Study: Flies Try to Recover Lost Sleep, Just Like Humans

A picture of three fruit flies
Credit: Getty Images

Sleepless fruit flies recover lost sleep over multiple cycles, similarly to people, and serotonin was found to play a role in the process.

We’ve all experienced that sense of pervasive sleepiness after staying up late or sleeping poorly. That sense of drowsiness, our body’s way of telling us to recover lost sleep, is thanks to sleep homeostasis, a physiological mechanism that works to regulate sleep. When this process is thrown off balance, the homeostat kicks into high gear.

This is especially true when with a deprivation of deep sleep, which is crucial for brain plasticity, immune system function, healthy metabolism, and learning.

But sleep researchers at the Advanced Science Research Center at the Graduate Center (CUNY ASRC) say the common fruit fly, Drosophila melanogaster, can help shed light on the functions of deep sleep. In a new paper, published in the journal eLife, the neuroscientists found that when deprived of deep sleep, the fly attempted to recover it over the course of multiple sleep cycles.

And crucially, they discovered the neurotransmitter serotonin was tracking the recovery process.

Paying it back

During experiments, the flies were woken up before they entered the deep sleep cycle, said first author Budhaditya Chowdhury, a postdoctoral research associate at the CUNY ASRC.

“One of the first things that we found was that when you nudge flies awake as they fall asleep, they don’t pay back all the lost sleep immediately, they pay it back over multiple cycles,” Chowdhury said. “This is very similar to humans, where once you don’t get a night’s sleep, you don’t pay it back right away, but you pay it back in successive cycles, over multiple days.”

And when paying back this “sleep debt,” the flies heavily favored deep sleep, he said. Flies enter a deep sleep state within the first few hours of falling asleep, followed by successive stages of sleep, Chowdhary explained. “When we deprived the flies of all sleep and then look at successive cycles of sleep payback, we saw that the flies are paying back these deep, consolidated periods of sleep at a much, much higher rate

Chowdhary spoke about the various cycles of human sleep — deep sleep, REM, and other stages.

“Human sleep is very structured,” the neuroscientist said, but the structure of fly sleep is still being studied. “So, one of the take homes from our paper was that flies may also have these latent structures in their sleep. Rather than all sleep being the same, there were certain types of sleep that the flies were paying a lot more attention to when they were losing sleep.”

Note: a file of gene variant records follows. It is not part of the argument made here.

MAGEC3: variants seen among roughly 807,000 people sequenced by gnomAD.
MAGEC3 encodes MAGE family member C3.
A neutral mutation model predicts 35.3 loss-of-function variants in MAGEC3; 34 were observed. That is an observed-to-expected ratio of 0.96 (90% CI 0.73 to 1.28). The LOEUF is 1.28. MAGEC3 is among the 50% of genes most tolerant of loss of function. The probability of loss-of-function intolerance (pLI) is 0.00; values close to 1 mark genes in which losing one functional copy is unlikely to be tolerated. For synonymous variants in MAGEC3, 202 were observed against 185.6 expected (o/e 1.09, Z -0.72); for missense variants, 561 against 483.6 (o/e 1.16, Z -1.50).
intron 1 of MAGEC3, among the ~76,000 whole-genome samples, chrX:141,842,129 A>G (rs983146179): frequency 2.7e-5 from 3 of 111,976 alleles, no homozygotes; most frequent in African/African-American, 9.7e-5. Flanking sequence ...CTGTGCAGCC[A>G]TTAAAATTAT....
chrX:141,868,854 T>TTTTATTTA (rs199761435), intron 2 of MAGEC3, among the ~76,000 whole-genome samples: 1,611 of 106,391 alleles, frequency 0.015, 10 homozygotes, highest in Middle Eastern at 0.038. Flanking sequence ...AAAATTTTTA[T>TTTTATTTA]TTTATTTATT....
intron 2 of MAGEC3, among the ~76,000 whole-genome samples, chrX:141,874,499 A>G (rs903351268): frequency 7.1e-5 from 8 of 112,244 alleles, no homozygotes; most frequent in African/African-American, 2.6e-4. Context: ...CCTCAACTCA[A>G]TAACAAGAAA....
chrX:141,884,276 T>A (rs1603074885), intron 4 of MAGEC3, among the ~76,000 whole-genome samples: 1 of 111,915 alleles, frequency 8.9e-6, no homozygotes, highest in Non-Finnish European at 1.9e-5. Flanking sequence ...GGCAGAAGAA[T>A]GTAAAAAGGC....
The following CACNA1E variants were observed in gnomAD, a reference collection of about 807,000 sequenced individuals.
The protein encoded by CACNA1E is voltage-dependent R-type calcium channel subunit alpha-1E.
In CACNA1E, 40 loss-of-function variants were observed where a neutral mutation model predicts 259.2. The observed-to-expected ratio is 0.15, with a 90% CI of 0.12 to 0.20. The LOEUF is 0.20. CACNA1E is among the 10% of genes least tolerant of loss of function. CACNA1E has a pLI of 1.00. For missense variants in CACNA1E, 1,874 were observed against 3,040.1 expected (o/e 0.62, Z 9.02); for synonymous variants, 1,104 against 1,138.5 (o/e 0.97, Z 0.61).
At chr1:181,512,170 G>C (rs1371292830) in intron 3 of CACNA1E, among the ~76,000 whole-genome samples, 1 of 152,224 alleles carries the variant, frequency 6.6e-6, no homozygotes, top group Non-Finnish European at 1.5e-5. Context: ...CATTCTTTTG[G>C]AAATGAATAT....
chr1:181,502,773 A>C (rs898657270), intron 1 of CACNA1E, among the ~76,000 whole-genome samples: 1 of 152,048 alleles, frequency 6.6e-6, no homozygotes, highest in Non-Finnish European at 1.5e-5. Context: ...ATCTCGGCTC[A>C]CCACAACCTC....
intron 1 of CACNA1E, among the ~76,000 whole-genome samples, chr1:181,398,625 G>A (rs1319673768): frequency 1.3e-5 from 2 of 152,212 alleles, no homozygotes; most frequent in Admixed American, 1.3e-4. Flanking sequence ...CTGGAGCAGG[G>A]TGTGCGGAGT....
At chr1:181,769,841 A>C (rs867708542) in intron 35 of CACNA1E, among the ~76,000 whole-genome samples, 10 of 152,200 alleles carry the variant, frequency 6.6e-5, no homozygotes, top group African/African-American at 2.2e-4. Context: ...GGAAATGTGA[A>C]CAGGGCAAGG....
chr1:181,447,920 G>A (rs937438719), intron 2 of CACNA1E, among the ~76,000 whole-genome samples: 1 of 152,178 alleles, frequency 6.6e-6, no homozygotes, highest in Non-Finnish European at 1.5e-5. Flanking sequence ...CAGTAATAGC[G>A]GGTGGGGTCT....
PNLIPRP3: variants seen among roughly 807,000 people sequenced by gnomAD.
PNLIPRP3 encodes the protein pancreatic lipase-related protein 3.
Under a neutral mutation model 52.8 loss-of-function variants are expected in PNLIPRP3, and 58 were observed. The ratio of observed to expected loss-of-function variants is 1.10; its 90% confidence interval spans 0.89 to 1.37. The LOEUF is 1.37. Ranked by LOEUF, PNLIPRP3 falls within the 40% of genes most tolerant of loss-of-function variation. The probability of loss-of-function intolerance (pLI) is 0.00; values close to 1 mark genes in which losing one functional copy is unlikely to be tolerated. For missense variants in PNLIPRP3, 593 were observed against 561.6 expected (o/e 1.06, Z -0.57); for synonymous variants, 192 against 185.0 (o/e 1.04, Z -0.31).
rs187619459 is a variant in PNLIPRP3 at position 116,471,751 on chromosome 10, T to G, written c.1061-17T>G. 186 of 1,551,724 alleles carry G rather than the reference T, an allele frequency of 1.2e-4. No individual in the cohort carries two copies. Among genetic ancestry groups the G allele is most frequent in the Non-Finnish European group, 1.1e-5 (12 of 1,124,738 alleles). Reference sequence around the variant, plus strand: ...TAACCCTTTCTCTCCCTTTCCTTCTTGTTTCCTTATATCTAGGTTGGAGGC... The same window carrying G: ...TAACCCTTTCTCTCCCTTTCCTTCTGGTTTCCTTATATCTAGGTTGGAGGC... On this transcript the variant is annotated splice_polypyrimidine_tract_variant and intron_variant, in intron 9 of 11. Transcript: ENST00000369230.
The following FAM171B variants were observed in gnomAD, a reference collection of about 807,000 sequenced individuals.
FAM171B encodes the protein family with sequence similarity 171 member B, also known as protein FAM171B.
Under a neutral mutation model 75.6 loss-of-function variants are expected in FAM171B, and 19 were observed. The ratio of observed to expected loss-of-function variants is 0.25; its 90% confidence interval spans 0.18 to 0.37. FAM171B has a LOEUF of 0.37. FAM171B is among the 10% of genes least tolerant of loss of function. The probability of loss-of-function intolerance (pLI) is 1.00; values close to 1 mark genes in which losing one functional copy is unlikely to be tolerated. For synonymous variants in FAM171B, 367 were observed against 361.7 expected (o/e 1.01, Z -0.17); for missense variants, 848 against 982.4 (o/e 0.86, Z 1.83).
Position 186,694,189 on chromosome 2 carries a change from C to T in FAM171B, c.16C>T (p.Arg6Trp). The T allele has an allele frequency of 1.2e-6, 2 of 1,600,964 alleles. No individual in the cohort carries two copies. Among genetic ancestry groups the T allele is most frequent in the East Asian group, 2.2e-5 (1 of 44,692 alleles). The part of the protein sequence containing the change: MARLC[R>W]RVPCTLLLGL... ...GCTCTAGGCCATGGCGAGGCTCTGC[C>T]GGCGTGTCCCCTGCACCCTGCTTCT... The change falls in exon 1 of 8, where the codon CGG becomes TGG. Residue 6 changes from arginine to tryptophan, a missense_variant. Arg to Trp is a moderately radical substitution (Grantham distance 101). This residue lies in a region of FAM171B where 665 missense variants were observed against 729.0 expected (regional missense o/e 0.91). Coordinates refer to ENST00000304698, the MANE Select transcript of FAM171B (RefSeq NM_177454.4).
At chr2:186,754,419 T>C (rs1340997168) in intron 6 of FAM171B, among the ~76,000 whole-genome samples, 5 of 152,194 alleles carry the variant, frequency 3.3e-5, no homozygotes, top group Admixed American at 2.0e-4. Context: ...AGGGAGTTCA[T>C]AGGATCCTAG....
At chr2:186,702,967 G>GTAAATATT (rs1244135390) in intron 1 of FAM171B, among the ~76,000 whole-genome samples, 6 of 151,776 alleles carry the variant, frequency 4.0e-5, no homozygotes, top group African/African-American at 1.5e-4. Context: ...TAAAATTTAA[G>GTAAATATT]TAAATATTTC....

Rise in Serotonin

Through mass spectrometry, serotonin levels were seen to spike in the brains of the sleepless flies. “We sampled a specific range of molecules and we found serotonin, a neurotransmitter, goes up significantly when the animals are sleep deprived,” Chowdhury said.

This is important because serotonin was once considered to be a classic sleep substance, he said. “And by sleep substance, I mean any chemical, any metabolite, any molecule that builds up in the brain as humans stay awake,” said Chowdhury.

But that changed when serotonin was found to be a wake-active neurotransmitter. “Which means serotonin neurons are more active when animals are awake. So, the idea that it was regulating sleep was put on the backburner,” Chowdhury explained.

“But we are trying to say that, precisely because serotonin is wake-acting, you get this sleep substance that builds up during wakefulness, and then dissipates at night.”

Sleeplessness, a global issue

As the study points out, the World Health Organization has declared sleeplessness to be a global problem. “The urgency for a better understanding of sleep loss and its effects on health and well-being is more important than ever,” said Chowdhury, and the pandemic doubled cases of clinical insomnia, leading to a surge in anxiety and depression-like behaviors.

The authors say the study results can help to provide insight on the role of deep sleep and sleep recovery in animals, and how sleep stages in the fly compare to those in humans.

 “We’re trying to change the narrative of unitary sleep by saying there are structures which are very similar,” said Chowdhury. “There are very strong similarities in the temporal nature of these sleep structures. For instance, the timing of deep sleep in the total sleep cycle in flies is very similar to that in humans, so it can be a translational advance to understanding sleep in more complex animals and humans.”

The study was funded by the National Institutes of Health.